Nicely done white rum with pineapple overtones.Thoughtfully made and balanced, this is not some Godawful pineapple sugar bomb. Well done example of Hawaiian Moonshine .
Notes: Last Shot Distillery is one of the newest distilleries in New York State ( producing, selling, and aging products, not just setting up as many are). Run by Chris Uyehara and a very small team, Chris is a master chef and pastry chef and brings his art and attention to detail to all his products. Last Shot uses water from the local Finger Lake Skaneateles Lake, with minimal filtering ( just to remove any chlorine) to maintain a local character to the water and spirit, rather than use RO water which to me is completely boring and neutral filler for a spirit. While the distillery itself is barely four years old at present, they still have a very ambitious whiskey program with stocks of Rye, Bourbon, and even Triticale aging in their cellars. They also produce a number of other products, such as Gin, Vodka, some maple-based spirits, and a series of RTD Cocktails. While they produce an excellent unnamed moonshine-type whiskey, this particular expression is a complete departure from their usual.
Dedicated to Mr. Uyehara’s Grandmother, Yoshi, this is an homage to both her and the family heritage of distilling.
Chris Uyeharas’ grandmother was a postcard bride. This was a way for edible women to seek out a husband for marriage in faraway places. Originally from a farming family in Okinawa, she traveled to Hawaii to meet and marry her husband, who was a farmer on a pineapple plantation. After moving to Hawaii with almost nothing but the clothes on her back and marrying Chriss’s grandfather, they moved into a small shack on the plantation and took on the backbreaking work of pineapple cultivation.
Later she needed up separating from his grandfather and was left raising her children on her own. In a bid to make a little money and not to fall into exploitation by the foreman/supervisor, she took up distilling pineapple moonshine to survive. By all accounts, she was successful at this trade, and her product was well-regarded by everyone who ever tried it.
Mr. Uyehara has won the “World War of Whiskey” on Discovery Channels Master Distiller and was named master distiller, beating out a number of very worthy competitors.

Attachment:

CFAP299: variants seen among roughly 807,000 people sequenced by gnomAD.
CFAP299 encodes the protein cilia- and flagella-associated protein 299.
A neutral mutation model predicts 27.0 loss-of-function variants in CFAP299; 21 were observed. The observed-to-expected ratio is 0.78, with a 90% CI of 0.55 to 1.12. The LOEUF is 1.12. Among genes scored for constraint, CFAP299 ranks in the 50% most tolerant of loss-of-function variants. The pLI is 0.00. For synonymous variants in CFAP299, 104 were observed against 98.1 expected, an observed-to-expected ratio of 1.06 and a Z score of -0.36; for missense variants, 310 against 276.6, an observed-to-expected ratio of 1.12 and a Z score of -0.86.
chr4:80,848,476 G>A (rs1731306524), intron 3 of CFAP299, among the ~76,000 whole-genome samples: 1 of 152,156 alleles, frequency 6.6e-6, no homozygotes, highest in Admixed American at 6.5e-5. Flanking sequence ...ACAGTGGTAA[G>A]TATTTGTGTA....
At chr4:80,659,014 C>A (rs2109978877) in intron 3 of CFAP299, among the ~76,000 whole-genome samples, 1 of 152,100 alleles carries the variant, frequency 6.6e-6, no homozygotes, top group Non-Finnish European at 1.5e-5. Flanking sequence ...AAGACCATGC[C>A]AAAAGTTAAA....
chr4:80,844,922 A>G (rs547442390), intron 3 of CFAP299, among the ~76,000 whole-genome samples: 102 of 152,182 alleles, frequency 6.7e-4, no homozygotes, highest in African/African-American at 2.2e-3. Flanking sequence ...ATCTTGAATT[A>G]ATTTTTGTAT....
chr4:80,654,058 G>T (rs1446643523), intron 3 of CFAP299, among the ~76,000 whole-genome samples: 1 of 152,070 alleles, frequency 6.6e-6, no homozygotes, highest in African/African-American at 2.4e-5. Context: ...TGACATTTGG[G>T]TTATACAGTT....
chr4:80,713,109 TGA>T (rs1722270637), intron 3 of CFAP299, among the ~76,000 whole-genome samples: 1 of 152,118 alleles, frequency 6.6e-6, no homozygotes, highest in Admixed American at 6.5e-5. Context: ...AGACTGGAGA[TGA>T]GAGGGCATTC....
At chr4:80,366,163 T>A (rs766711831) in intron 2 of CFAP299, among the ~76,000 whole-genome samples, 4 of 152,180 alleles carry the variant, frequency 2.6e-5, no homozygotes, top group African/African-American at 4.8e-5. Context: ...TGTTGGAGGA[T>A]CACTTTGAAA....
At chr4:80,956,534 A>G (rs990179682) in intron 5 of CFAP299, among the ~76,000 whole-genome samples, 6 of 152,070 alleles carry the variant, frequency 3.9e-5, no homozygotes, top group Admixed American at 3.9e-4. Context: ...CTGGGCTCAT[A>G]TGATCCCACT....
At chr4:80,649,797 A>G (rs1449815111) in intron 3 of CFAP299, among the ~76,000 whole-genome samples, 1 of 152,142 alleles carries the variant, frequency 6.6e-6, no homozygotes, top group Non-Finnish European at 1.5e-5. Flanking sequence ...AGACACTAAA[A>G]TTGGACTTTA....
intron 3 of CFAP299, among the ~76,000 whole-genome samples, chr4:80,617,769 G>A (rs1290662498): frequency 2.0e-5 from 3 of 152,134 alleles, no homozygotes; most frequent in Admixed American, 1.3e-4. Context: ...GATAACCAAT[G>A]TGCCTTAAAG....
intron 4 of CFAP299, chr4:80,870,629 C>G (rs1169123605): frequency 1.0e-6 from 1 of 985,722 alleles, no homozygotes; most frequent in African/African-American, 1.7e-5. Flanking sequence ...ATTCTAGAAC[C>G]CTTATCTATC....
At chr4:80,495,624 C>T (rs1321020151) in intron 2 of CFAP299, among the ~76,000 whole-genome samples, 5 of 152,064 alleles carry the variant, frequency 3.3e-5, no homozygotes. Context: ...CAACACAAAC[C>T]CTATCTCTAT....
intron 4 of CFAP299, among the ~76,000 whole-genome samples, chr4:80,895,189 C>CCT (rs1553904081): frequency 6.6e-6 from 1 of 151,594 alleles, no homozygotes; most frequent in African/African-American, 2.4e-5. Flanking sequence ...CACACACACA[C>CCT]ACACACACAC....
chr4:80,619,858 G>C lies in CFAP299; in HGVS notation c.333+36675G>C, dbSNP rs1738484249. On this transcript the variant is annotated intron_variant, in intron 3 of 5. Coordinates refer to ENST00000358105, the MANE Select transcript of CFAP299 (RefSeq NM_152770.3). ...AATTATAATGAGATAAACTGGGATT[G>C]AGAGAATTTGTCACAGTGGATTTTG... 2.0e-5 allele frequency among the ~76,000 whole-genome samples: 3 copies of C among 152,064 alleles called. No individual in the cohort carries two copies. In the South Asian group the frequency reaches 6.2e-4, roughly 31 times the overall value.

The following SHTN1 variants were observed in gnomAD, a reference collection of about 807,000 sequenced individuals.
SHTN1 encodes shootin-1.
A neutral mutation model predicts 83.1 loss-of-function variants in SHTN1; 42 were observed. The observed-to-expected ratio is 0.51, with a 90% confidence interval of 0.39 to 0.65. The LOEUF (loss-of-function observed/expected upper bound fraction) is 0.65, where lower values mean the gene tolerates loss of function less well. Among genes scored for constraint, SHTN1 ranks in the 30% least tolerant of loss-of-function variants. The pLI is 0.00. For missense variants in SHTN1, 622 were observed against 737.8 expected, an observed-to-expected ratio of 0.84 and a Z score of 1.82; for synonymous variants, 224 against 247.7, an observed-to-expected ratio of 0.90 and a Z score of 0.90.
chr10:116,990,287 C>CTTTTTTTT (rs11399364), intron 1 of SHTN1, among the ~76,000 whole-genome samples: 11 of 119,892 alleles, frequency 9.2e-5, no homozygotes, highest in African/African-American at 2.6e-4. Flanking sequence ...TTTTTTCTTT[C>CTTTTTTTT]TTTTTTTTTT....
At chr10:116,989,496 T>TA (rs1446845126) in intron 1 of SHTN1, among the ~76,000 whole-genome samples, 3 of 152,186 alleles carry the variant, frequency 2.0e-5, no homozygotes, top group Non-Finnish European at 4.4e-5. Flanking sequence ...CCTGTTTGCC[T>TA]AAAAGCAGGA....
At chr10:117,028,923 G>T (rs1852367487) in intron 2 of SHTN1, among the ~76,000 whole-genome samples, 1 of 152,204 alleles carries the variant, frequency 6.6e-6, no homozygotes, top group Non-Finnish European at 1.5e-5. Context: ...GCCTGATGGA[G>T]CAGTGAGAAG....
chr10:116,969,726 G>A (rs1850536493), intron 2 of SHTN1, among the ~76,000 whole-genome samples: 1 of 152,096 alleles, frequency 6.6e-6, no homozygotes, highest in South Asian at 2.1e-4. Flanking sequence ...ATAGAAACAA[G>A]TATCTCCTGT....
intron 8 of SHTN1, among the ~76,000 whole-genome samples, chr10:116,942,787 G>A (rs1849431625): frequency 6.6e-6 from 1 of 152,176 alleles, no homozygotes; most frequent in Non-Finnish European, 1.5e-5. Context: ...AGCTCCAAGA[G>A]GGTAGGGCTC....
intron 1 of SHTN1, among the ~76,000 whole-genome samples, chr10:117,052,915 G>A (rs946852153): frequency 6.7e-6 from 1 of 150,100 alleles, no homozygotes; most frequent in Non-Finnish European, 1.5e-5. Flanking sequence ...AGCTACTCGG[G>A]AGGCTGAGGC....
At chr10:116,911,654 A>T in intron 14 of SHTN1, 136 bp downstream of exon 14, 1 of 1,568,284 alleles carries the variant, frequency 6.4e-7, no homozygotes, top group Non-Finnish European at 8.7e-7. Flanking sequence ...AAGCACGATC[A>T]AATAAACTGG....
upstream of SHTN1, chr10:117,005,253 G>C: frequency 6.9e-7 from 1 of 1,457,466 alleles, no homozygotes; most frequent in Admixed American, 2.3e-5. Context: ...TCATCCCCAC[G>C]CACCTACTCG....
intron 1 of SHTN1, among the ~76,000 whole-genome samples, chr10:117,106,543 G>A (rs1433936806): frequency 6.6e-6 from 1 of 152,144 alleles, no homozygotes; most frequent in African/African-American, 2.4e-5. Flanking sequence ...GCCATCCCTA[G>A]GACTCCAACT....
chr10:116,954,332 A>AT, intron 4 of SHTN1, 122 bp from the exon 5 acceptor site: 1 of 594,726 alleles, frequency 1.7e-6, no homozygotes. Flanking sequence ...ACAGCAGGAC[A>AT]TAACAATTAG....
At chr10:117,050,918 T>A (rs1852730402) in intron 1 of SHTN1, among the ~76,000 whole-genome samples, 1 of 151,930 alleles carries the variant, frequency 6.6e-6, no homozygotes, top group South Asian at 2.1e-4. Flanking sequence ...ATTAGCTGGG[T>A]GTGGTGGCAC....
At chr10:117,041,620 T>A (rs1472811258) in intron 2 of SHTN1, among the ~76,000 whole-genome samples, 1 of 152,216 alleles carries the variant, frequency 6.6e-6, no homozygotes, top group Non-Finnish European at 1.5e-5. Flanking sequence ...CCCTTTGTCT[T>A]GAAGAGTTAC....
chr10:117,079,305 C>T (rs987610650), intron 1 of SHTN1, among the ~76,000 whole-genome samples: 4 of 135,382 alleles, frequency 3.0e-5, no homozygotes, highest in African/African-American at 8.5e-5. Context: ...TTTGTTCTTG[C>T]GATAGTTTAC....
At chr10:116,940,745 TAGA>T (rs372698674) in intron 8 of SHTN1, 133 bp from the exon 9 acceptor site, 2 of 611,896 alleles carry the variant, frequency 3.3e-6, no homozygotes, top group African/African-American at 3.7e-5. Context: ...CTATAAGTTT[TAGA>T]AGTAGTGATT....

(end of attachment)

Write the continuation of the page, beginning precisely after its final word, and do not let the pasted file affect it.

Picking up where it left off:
Appearance: Clear as rainwater, Oily coat on the glass when you swirl it, leaving a wide band of tears all over the inside of the glass ( rarely see this)
First Impression: Sweet aromatic rum notes and pineapple with interesting minerality and a touch of salt. Nice structure to the bouquet with touches of grassiness or plant fiber wrapped around some sweetness but not overly sweet/cloying or flabby.
Taste: Gentle entry with a smooth body; touches of vanilla seem to intertwine with the minerality and sweetness. Sweet entry with rapid drying to slightly alkali/mineral fade/drying and long pleasant finish. It has what the Japanese refer to as Shiripin ( it has a tail – long finish).
Drinks: Great for any white rum drink you care to use it in. Also good for when you want some actual taste, depth, and complexity in that vodka cocktail.
Bottle: Clear glass, round jug shaped with sloped shoulder and finger ring. Label is a clear plastic appliqué Back label is two-sided; as you look at the front of the bottle, you see a roughly turn of the century of Chriss’ grandmother Yoshi in traditional Japanese dress in front of her house on the plantation. The back label on the outside tells the story of his grandmother and how this spirit first came to be. Today’s version is an Homage to his grandmother and a fitting one that she would be proud of.
Bottle is capped with a black ridged top and synthetic cork for a tight, durable seal, and the neck capsule is black plastic with a gold pull tab. Unlike some, it opens easily and does not require sharp objects to open/remove. Overall the packaging is well done and slightly quaint.
Other: Moonshine ( to use the generic American term for illegally/untaxed/unlicensed produced distilled alcohol) is a worldwide institution.
While most people in the US believe it is made in the South, it was and is made everywhere in the United States and its territories. Peurto Rico has a moonshine made on one island from Canepas ( a small longan type fruit), and Hawai makes sugar cane/rum and pineapple moonshine, and there are legal craft examples of these also.
Final Thoughts: A rare example of a rum-type moonshine – especially a Hawain one. The market is overrun with corn and sugar moonshines ( many flavored or gummed up with enough sugar and fruit to dumb down the bad distillation). This is a rare example of an artisan moonshine by oppressed and almost forgotten people. Bravo!
A well laid out site if a touch barebones. Fast loading and easy to navigate with photos and descriptions of products, backstory, and where to buy both brick and mortar and online locations.